Thus, each node may be sending and receiving simultaneously to its upstream and downstream neighbors, unlike most competitive solutions, which must continually "turn around" between sending and receiving upstream and downstream. Because each link is managed independently, the available channels may be re-used across the network. This expands the available spectrum, increasing performance of the network 50 times or more compared to traditional mesh solutions, delivering the video performance necessary for efficient real-time remote observation and control of the mining machinery. [More]

Meshdynamics' third generation patented mesh networking software creates an RF-aware "radio robot" in each MD4000 node. This distributed dynamic radio intelligence constantly monitors the surrounding radio environment. The node locates adjacent nodes in the network as they are added. Based on this continual scanning of the environment, the Meshdynamics nodes form a network in an independent, but coordinated fashion, with relationships based on highest performance, interference rejection, and optimal re-use of channel assignments for maximal network bandwidth. In the remote mining environment, this continuously and automatically adapts the MD4000 network to the changing configuration of the mine and locations of the mining machinery.
Meshdynamics provides this networking power in a compact, robust enclosure requiring little room in the cramped underground environment. Low power draw and available battery power solutions permit use in harsh environments and provide back-up functionality in case of power failure or other incidents.  Our dynamic radio intelligence allows nodes to be installed and supported easily, without costly site surveys and pre-engineering.  Meshdynamics products also include intrinsically safe technologies for deployment in severe environments, as well as specialized support for voice-over-IP and other real-time networking requirements.

Meshdynamics Mining Industry Related Links:
1.   Miners give a nod to Nodes (Courtesy Mission Critical Magazine, July 2008)
2.   Meshdynamics First With Persistent Voice Over Wireless Mesh
3.   Meshdynamics Delivers Persistent Wi-Fi Network for Mobile Environments
4.   Meshdynamics Partner in Underground Mining Communications strengthens position with MSHA approval
5. Joint Warning And Reporting Network (JWARN). Capabilities Analysis of over 100+ mesh vendors by Battelle Institute 
6.   MD4000 Configuration Options Overview of configuration options including 3.3VDC explosion proof enclosures.
7.   Frequently asked Questions On Antenna selection, GPS, Mobility extensions, Hazard proof enclosures.  

Meshdynamics Third Generation Wireless Mesh Networks 
for Underground Coal Mine and Surface Mining 

(reprinted content from article
Hundreds of feet underground, nearly a mile away from the mouth of the mine, a miner realizes he needs to repair a key piece of equipment. Summoning an engineer used to mean a long walk back through the mine or a long wait for the man trip, a motorized shuttle vehicle. While the miner is walking or waiting, no co dug, so these interruptions add up quickly in lost production. But now, with the push of a button on a wireless VoIP handset, miners can request that engineering resources be dispatched to a location without going anywhere.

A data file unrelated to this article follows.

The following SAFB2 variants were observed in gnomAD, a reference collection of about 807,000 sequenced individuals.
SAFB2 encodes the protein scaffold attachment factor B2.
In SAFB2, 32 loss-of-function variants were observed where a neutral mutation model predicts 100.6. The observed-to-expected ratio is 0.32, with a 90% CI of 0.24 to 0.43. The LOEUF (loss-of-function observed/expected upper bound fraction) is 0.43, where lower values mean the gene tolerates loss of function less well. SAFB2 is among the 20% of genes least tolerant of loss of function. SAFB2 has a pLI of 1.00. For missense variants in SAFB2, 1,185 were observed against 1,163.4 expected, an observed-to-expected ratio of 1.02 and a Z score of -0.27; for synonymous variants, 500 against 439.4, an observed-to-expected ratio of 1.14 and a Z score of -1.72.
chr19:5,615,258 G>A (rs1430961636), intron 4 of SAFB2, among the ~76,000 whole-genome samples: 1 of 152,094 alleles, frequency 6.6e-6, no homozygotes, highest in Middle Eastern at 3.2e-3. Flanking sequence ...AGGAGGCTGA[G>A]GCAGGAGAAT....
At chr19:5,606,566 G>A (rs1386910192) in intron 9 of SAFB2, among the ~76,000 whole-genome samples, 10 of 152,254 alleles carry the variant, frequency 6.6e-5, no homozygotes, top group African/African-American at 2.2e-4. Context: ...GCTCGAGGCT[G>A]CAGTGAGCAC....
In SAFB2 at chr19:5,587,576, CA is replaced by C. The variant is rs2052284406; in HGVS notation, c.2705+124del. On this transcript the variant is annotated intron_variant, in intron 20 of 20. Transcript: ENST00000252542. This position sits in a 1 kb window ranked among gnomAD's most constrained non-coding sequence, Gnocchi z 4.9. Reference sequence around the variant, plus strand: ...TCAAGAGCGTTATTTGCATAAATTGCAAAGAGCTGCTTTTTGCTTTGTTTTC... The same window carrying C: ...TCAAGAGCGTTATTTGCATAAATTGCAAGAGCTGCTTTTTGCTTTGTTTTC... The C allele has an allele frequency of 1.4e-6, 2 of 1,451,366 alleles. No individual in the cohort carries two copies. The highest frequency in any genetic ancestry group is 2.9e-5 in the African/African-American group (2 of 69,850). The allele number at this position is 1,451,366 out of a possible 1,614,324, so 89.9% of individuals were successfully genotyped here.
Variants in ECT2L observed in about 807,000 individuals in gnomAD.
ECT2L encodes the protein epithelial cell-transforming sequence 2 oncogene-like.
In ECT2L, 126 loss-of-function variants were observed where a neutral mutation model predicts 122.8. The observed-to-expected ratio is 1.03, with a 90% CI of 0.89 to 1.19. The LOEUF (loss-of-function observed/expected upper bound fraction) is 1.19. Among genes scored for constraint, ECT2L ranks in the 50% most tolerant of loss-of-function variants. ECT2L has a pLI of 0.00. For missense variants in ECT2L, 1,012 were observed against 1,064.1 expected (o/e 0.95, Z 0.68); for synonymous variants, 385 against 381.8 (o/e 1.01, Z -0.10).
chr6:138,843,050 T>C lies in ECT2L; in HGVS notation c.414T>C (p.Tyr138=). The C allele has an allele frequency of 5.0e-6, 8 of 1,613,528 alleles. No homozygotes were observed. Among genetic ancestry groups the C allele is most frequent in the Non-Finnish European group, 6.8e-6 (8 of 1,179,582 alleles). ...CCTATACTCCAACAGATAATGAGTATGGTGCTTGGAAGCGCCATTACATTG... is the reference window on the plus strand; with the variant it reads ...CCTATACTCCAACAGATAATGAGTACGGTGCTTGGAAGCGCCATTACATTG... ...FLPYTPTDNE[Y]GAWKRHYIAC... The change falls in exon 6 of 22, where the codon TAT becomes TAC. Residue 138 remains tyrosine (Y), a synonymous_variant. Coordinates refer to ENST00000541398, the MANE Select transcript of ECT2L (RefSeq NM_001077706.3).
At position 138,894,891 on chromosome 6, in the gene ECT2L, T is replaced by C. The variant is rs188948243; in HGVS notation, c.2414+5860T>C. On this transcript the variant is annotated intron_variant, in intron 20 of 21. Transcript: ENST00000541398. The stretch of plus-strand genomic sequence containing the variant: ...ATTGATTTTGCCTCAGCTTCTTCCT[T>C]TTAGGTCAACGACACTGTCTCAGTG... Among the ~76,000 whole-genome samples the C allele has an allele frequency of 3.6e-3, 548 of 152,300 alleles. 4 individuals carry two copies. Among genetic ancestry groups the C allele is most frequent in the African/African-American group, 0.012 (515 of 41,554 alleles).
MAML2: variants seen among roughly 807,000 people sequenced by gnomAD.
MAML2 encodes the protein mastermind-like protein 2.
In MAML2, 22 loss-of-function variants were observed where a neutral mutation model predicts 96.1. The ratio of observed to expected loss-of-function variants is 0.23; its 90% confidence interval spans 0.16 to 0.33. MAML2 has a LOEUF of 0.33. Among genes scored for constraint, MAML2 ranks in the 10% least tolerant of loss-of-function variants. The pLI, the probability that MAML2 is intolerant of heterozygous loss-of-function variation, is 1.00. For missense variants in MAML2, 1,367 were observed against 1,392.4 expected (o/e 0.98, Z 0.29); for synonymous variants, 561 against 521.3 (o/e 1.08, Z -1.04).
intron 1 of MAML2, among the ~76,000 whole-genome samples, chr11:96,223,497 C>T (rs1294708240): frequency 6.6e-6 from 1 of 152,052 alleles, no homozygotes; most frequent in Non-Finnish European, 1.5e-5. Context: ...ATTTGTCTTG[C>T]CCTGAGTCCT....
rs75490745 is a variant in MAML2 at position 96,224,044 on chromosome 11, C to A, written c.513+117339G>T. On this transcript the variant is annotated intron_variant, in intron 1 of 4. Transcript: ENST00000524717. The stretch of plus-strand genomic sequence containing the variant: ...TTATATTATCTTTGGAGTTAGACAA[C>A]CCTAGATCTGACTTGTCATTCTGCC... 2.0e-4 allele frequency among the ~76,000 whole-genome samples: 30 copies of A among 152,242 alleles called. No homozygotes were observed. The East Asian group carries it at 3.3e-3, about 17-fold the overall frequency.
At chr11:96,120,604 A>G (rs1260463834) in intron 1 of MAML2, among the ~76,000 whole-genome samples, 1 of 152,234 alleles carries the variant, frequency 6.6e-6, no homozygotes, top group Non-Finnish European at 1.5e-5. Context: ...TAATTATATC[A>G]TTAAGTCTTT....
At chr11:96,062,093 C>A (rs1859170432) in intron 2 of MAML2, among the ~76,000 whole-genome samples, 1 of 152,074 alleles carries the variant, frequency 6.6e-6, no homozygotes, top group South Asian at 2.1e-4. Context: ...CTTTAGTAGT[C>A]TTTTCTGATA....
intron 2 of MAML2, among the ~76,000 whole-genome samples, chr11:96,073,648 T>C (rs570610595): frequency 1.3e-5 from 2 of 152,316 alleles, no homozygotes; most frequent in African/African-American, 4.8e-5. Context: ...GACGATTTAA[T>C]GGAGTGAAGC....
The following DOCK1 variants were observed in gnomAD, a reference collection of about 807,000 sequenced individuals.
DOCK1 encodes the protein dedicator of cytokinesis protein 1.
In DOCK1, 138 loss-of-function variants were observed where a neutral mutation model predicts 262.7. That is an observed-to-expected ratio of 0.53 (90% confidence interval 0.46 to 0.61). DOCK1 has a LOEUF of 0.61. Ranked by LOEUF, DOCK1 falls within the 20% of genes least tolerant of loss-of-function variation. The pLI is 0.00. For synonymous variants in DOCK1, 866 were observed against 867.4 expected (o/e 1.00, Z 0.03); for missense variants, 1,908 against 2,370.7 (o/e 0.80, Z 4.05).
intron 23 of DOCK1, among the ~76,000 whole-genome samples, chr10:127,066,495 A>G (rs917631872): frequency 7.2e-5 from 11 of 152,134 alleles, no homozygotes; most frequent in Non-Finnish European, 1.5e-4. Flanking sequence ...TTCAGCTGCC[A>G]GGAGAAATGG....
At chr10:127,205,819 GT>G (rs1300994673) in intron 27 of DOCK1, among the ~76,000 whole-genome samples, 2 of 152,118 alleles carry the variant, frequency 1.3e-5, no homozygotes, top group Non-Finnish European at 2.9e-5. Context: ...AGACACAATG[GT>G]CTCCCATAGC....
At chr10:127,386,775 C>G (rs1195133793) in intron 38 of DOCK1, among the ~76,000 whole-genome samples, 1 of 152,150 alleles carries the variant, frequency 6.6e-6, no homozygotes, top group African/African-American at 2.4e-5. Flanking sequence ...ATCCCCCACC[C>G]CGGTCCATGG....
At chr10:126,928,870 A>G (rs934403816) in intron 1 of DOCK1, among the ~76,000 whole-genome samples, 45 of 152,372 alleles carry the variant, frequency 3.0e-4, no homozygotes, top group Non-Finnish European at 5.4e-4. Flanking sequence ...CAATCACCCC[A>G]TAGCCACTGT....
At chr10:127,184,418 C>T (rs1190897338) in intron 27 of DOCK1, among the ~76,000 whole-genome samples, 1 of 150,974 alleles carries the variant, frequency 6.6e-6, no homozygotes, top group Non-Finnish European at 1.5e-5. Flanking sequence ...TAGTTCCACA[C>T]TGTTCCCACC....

If the VoIP system is connected to the public phone network, staff in the mine may be able to get service assistance from equipment manufacturers while at the working face. In a few minutes, the miner is safely and productively back to work. Multiply this scenario by dozens or hundreds of times per week in a large mine, and there is an obvious, immediate positive impact to the bottom line. But how did this step- and timesaving exchange take place nearly a mile down the mineshaft? Traditional cellular signals don’t propagate through rock, and there’s no time for laying wire phone lines Compact wireless mesh node and antennas mounted on a support column are designed for harsh environments. Miners Give a Nod to Nodes New mesh networking technology boosts worker safety and productivity and fulfills new federal requirements.
The answer is third-generation wireless mesh technology based on the Wi-Fi 802.11 protocol. A series of multi-radio enclosures, called wireless mesh nodes, propagate the signal down the length of the mineshaft and wirelessly connect miners working or traveling nearby. The nodes may be placed along entries, travel ways, beltways or in airway intakes and returns to wirelessly link miners at the working face to the rest of the mine, as well as to the office and managers outside the mine. Improving Safety and Response Besides the time-saving productivity boost, the wireless mesh nodes also provide infrastructure that delivers lifesaving miner location and communications capability in case of an accident or disaster.
Preserving the safety of underground mine personnel has been an important focus of government and industry. In the aftermath of the Sago mine disaster, a coal mine explosion in Sago, W. Va., in January 2006, the federal government set in place a timetable for underground coal-mining operations to upgrade procedures, equipment and technology with the passage of the Mine Improvement and New Emergency Response (MINER) Act in 2006. Major elements of the MINER Act require a wireless twoway medium of communications and tracking of individuals by 2009. A wireless communications system that provides two-way communications between underground and surface personnel and an electronic tracking system that allows surface personnel to independently determine the location of anyone trapped underground is key to meeting the requirements. New Wi- Fi wireless mesh technology delivers high performance and reliability at low cost over long distances in underground coal mines in numerous pilot and production mine networks, because it allows for reliable two-way VoIP communications and Wi-Fi location tracking.